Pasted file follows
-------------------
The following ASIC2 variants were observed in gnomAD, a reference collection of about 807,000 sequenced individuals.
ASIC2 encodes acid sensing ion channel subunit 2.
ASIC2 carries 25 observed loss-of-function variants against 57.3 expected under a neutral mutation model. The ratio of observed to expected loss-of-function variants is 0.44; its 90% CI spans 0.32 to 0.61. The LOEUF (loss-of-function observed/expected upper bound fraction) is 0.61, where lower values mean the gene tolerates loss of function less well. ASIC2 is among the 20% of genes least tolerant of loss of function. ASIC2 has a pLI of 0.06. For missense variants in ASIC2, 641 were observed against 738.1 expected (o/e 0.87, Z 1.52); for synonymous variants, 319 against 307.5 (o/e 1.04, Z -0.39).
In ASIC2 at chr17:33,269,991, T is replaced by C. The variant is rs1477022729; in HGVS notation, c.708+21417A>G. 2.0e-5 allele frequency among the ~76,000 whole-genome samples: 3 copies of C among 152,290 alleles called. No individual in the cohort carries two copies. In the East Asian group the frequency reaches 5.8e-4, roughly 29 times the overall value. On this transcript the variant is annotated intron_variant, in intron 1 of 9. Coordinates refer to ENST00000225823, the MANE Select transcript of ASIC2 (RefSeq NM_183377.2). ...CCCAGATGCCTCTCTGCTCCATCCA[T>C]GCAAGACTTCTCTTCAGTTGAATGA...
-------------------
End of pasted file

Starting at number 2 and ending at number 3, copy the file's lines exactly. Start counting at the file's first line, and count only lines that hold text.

ASIC2 encodes acid sensing ion channel subunit 2.
ASIC2 carries 25 observed loss-of-function variants against 57.3 expected under a neutral mutation model. The ratio of observed to expected loss-of-function variants is 0.44; its 90% CI spans 0.32 to 0.61. The LOEUF (loss-of-function observed/expected upper bound fraction) is 0.61, where lower values mean the gene tolerates loss of function less well. ASIC2 is among the 20% of genes least tolerant of loss of function. ASIC2 has a pLI of 0.06. For missense variants in ASIC2, 641 were observed against 738.1 expected (o/e 0.87, Z 1.52); for synonymous variants, 319 against 307.5 (o/e 1.04, Z -0.39).